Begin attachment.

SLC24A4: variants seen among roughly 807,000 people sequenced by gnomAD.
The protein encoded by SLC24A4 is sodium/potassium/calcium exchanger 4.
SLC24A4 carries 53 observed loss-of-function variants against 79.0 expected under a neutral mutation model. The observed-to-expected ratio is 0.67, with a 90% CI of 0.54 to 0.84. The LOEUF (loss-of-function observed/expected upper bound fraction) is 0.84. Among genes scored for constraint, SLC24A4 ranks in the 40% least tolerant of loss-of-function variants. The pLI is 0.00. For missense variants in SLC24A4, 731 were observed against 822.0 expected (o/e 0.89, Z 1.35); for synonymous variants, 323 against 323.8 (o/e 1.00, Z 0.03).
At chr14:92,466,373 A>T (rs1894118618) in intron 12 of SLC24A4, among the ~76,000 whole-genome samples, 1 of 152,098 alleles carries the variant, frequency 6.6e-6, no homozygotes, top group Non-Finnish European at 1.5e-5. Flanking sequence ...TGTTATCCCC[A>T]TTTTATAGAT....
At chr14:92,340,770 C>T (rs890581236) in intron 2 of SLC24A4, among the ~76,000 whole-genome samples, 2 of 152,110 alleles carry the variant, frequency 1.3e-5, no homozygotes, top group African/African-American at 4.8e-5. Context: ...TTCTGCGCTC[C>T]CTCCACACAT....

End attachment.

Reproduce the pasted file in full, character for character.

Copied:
SLC24A4: variants seen among roughly 807,000 people sequenced by gnomAD.
The protein encoded by SLC24A4 is sodium/potassium/calcium exchanger 4.
SLC24A4 carries 53 observed loss-of-function variants against 79.0 expected under a neutral mutation model. The observed-to-expected ratio is 0.67, with a 90% CI of 0.54 to 0.84. The LOEUF (loss-of-function observed/expected upper bound fraction) is 0.84. Among genes scored for constraint, SLC24A4 ranks in the 40% least tolerant of loss-of-function variants. The pLI is 0.00. For missense variants in SLC24A4, 731 were observed against 822.0 expected (o/e 0.89, Z 1.35); for synonymous variants, 323 against 323.8 (o/e 1.00, Z 0.03).
At chr14:92,466,373 A>T (rs1894118618) in intron 12 of SLC24A4, among the ~76,000 whole-genome samples, 1 of 152,098 alleles carries the variant, frequency 6.6e-6, no homozygotes, top group Non-Finnish European at 1.5e-5. Flanking sequence ...TGTTATCCCC[A>T]TTTTATAGAT....
At chr14:92,340,770 C>T (rs890581236) in intron 2 of SLC24A4, among the ~76,000 whole-genome samples, 2 of 152,110 alleles carry the variant, frequency 1.3e-5, no homozygotes, top group African/African-American at 4.8e-5. Context: ...TTCTGCGCTC[C>T]CTCCACACAT....